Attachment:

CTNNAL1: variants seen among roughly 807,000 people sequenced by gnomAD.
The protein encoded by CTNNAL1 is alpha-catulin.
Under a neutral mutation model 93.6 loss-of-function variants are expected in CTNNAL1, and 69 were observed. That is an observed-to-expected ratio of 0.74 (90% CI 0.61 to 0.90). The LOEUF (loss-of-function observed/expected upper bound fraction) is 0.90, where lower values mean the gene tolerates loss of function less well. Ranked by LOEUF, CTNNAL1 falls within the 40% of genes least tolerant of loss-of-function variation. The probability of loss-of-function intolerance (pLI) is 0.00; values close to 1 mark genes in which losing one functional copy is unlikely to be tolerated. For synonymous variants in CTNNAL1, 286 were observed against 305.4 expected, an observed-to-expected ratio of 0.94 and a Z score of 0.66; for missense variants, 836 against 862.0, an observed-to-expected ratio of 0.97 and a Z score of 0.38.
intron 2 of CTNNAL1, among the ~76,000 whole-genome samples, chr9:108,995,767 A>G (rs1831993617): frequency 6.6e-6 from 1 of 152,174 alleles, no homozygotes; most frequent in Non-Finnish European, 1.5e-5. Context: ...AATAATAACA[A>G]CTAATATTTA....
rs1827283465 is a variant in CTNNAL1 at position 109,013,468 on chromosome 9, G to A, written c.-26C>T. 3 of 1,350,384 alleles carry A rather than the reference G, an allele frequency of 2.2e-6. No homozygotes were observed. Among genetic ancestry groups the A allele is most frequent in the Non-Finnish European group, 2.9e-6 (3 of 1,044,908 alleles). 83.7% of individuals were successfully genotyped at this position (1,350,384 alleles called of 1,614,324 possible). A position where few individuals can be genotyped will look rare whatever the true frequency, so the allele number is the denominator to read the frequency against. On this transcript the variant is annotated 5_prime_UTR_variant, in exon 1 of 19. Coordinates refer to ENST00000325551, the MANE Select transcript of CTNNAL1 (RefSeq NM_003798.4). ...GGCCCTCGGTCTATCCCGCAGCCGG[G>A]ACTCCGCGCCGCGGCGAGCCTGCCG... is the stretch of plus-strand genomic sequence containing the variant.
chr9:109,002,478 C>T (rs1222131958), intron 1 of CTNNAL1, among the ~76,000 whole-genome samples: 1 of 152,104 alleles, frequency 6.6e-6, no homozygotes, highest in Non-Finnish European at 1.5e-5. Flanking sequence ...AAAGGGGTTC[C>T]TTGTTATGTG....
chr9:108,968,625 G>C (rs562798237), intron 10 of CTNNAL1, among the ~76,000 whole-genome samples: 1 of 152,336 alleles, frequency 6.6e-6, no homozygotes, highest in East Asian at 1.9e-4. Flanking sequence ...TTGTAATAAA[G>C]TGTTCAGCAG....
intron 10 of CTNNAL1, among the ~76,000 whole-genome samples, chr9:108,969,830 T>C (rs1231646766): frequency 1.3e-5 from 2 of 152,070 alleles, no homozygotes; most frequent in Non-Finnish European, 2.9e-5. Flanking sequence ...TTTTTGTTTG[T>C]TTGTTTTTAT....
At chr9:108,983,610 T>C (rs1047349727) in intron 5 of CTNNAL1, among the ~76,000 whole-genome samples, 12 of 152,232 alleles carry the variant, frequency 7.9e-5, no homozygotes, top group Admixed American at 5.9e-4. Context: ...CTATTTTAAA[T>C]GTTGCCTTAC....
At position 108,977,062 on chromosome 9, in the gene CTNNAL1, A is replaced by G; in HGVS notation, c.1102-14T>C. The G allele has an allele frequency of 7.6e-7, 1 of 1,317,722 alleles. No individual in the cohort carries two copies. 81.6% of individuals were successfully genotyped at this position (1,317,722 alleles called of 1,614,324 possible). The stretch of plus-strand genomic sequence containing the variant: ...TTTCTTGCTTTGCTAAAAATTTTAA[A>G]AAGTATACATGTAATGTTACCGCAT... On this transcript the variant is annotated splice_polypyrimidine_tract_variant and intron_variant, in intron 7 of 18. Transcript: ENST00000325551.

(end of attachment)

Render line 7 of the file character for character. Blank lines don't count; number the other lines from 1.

chr9:108,968,625 G>C (rs562798237), intron 10 of CTNNAL1, among the ~76,000 whole-genome samples: 1 of 152,336 alleles, frequency 6.6e-6, no homozygotes, highest in East Asian at 1.9e-4. Flanking sequence ...TTGTAATAAA[G>C]TGTTCAGCAG....